Don’t blame your misfortune on me, foolish girl.
Ritva was in a fine state, splattered wine dripping down her chin onto her linen blouse fluttering untucked at her waist when her hand had hastily jerked at the sound of the voice behind her. Why, oh why, wouldn’t the voice shut up? She had hoped enough wine would at least dim the irritating nasal quality, but all it seemed to do was frame it in stark relief, rather like a washed out photograph mounted on brilliant purple cardstock.
You made your bed — go lie in it. Isn’t that what your mother always said?
The last year really had been hell on wheels, Ritva decided. Which was why she had chosen to go on a lengthy holiday rather than remain at home with her aging parents, counting medications and bowel movements.
It was an odd and uncomfortable thing, to watch the steady decline of one’s parents — especially when they had been such pillars of their small community for so many years. Ritva’s father had served as mayor for most of Ritva’s life, her mother the local schoolteacher for the small mixed age single room schoolhouse.
“It’s your duty to car for those less fortunate than you, Ritva, never forget that.” Ritva had lost count of the times she had heard those words from her mother and father. “Shut up!” she screamed inside. “Why can’t I have a life of my own? Why must I always take care of others? Who will take care of me?”
Ritva had always felt trapped by her parents, their life, the community. There had been no way to escape, to strike out on her own. Her mother’s health had started to fail before Ritva was done with high school, and her father was unable to cope. And so began Ritva’s own slow decline into lost dreams and niggling resentments and a fear of growing old and dying, never going farther away than a day’s travel by car.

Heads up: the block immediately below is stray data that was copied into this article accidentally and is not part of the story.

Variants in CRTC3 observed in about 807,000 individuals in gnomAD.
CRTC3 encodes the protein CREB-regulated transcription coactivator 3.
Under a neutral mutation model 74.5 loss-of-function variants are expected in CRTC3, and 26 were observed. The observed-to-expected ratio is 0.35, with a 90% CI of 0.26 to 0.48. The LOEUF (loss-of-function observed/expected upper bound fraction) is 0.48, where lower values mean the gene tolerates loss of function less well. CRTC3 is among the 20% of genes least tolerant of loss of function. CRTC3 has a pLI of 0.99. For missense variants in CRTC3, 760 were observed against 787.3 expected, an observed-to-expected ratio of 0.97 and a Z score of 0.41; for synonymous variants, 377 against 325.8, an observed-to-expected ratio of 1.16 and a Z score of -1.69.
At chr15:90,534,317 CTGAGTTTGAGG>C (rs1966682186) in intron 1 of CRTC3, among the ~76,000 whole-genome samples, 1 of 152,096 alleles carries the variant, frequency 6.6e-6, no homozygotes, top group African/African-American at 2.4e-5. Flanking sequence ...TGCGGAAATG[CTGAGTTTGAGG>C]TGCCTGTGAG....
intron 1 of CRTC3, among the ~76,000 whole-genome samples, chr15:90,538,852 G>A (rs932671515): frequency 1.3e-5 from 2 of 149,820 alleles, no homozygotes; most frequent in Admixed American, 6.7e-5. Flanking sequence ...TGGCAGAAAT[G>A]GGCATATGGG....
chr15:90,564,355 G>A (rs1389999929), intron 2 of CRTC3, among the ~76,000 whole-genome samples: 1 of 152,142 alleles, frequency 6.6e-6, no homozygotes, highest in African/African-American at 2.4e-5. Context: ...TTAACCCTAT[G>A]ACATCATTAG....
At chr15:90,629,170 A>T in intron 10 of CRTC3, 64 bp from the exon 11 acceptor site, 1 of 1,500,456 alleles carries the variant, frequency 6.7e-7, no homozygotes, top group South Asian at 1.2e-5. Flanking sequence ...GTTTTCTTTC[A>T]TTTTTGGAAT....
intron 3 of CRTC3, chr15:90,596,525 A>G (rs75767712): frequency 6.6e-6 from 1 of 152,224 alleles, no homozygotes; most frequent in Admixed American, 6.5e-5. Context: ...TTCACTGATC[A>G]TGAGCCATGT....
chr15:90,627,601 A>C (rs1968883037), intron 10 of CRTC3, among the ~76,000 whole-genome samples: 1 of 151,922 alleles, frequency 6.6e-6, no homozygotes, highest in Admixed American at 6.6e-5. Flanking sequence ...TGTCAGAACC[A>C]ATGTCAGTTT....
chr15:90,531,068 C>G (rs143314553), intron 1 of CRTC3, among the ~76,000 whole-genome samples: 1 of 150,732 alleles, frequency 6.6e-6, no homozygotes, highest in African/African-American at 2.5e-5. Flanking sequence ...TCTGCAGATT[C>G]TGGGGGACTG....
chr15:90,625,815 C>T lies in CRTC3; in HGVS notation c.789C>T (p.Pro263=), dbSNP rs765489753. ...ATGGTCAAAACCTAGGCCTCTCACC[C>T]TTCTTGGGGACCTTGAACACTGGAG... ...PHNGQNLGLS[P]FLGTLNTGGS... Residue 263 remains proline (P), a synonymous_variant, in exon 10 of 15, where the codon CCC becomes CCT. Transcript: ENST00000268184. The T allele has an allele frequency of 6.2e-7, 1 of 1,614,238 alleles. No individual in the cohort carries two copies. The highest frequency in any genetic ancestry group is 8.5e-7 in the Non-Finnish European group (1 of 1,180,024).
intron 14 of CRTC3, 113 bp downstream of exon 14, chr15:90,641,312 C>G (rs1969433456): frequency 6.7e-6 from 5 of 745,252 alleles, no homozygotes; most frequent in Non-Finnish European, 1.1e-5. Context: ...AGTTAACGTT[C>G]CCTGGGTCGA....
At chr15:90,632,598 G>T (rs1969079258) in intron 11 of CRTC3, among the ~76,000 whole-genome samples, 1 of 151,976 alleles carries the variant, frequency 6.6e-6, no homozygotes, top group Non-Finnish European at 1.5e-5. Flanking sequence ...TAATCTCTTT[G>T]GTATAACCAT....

And who came to help you free yourself, silly girl?
The crotchety voice purred next to her ear, and Ritva froze in dismay. The voice was back — maybe it had never gone away? She could feel the panic well up in her, feel her throat closing and she gasped for air. Where had she gone wrong?
Just a mere two weeks ago, this same crotchety voice explained to her how to be free, but that the price was to relay the voice’s message exactly as instructed. The voice meant for her to raise her flag of freedom, but only after she had permanently rid herself of all encumbrances. In fact, the voice has been most clear about the required actions to gain her freedom.
So, Ritva had filled a metal bucket with the blood of those she once cared for, and painted the voice’s message haphazardly thoughout the town. Then she carefully washed and changed, and packed a small overnight bag before taking the keys to her father’s old Buick and every dollar she could find. She drove through the night to the nearest airport, boarding an airplane for destinations far removed from the slow decline of her once vibrant parents.
You really didn’t think you’d be free from me, did you? The voice cackled, and Ritva began to laugh and weep, tasting despair.